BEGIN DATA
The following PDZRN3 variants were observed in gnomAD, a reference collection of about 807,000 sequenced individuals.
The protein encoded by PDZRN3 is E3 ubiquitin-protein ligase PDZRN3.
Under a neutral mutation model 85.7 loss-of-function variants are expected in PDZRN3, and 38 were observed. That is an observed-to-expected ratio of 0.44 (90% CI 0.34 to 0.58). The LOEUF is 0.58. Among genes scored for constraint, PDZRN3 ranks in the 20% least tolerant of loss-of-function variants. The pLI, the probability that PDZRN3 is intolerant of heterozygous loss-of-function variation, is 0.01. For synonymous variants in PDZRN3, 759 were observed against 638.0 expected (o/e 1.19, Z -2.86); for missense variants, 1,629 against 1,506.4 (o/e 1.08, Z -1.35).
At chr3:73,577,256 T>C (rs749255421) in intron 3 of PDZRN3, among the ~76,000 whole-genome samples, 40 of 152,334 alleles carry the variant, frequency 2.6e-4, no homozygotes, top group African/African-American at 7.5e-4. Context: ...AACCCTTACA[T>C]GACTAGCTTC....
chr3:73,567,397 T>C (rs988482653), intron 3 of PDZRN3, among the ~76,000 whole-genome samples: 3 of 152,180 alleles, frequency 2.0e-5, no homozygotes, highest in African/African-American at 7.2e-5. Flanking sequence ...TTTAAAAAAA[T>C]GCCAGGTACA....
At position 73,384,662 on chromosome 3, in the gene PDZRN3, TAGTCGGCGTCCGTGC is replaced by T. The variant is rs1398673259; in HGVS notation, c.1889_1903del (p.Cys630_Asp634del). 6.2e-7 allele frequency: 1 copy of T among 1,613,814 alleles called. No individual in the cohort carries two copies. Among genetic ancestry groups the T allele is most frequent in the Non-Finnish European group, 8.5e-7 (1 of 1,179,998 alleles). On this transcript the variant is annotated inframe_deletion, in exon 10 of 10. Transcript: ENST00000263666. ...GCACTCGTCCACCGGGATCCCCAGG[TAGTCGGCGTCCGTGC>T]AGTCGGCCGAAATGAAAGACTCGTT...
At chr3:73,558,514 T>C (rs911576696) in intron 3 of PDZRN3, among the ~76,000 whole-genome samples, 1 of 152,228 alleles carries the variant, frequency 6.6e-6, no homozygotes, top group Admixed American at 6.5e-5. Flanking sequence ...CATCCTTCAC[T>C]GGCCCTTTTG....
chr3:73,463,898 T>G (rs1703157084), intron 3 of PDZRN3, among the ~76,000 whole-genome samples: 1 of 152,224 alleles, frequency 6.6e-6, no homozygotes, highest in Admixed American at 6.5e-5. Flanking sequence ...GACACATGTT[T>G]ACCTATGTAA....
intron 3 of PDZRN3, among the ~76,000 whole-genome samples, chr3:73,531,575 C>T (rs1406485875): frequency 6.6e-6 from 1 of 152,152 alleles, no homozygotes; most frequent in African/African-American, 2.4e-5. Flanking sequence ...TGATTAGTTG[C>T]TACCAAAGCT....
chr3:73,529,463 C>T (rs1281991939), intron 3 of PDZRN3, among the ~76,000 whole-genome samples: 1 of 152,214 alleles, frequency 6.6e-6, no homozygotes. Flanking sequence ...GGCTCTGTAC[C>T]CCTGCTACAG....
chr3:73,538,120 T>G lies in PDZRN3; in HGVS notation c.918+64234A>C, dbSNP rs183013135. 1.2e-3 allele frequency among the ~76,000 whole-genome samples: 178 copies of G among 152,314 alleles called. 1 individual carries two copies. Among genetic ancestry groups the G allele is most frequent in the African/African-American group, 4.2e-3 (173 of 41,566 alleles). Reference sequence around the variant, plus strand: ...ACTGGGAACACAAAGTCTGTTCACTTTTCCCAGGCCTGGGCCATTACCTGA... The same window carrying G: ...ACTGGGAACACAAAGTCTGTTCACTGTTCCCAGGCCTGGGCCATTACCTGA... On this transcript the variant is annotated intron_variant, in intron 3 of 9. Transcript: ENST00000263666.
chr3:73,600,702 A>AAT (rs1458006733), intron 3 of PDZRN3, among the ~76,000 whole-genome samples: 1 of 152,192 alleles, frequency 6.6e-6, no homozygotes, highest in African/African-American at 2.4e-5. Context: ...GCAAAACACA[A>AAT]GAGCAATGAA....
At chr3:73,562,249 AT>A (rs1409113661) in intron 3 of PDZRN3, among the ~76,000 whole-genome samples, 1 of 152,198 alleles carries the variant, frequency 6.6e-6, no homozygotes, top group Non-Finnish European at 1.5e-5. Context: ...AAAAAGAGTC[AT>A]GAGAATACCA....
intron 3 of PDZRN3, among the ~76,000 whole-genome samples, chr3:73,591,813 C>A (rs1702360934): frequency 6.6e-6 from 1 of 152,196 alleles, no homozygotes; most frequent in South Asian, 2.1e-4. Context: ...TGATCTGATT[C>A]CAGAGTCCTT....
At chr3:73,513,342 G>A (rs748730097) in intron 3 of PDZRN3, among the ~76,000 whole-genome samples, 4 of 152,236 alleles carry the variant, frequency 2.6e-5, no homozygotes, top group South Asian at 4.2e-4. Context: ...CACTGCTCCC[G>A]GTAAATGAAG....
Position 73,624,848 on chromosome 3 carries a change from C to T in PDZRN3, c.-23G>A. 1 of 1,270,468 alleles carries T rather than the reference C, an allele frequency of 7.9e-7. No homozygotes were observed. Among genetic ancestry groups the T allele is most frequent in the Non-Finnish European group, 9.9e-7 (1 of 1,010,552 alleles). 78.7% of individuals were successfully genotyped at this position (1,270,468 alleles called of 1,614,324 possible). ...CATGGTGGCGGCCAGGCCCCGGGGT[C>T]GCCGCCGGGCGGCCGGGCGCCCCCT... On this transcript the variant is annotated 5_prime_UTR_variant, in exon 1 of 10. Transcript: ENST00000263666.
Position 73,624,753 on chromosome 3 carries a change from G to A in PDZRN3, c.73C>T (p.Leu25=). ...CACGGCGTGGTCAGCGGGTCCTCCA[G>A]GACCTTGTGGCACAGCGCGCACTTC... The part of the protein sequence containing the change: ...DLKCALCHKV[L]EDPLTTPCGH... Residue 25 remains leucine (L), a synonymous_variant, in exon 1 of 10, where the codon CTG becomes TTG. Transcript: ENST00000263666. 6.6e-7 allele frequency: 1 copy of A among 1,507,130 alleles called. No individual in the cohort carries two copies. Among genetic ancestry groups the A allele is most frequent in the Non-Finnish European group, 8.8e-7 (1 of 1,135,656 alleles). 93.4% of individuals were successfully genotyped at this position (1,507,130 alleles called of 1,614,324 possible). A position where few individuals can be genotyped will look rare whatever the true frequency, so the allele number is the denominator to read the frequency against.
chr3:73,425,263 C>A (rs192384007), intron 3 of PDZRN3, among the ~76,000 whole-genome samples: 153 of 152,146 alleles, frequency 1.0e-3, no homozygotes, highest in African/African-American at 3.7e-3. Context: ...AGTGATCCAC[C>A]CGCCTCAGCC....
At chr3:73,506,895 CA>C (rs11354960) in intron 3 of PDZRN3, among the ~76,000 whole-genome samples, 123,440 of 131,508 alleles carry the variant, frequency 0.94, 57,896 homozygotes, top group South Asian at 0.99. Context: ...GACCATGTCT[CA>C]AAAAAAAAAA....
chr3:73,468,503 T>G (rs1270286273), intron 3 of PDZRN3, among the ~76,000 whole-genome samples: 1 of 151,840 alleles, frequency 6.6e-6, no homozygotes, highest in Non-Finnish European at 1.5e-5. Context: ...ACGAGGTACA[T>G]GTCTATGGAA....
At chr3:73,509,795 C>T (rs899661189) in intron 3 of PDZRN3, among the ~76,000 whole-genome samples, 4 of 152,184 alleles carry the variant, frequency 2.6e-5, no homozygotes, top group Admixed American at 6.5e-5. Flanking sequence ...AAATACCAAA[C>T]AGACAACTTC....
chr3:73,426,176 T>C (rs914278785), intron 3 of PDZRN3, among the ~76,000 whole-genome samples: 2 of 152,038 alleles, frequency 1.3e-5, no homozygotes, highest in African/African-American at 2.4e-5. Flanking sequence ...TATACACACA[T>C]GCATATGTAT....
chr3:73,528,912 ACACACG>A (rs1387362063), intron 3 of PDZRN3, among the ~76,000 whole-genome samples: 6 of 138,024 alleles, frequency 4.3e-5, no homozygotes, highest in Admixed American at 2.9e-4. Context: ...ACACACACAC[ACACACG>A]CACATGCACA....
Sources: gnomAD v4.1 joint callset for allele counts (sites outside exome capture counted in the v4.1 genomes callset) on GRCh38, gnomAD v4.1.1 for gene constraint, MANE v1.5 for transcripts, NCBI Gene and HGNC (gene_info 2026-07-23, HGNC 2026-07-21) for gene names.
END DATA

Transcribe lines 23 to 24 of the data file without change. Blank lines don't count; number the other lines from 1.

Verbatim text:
chr3:73,528,912 ACACACG>A (rs1387362063), intron 3 of PDZRN3, among the ~76,000 whole-genome samples: 6 of 138,024 alleles, frequency 4.3e-5, no homozygotes, highest in Admixed American at 2.9e-4. Context: ...ACACACACAC[ACACACG>A]CACATGCACA....
Sources: gnomAD v4.1 joint callset for allele counts (sites outside exome capture counted in the v4.1 genomes callset) on GRCh38, gnomAD v4.1.1 for gene constraint, MANE v1.5 for transcripts, NCBI Gene and HGNC (gene_info 2026-07-23, HGNC 2026-07-21) for gene names.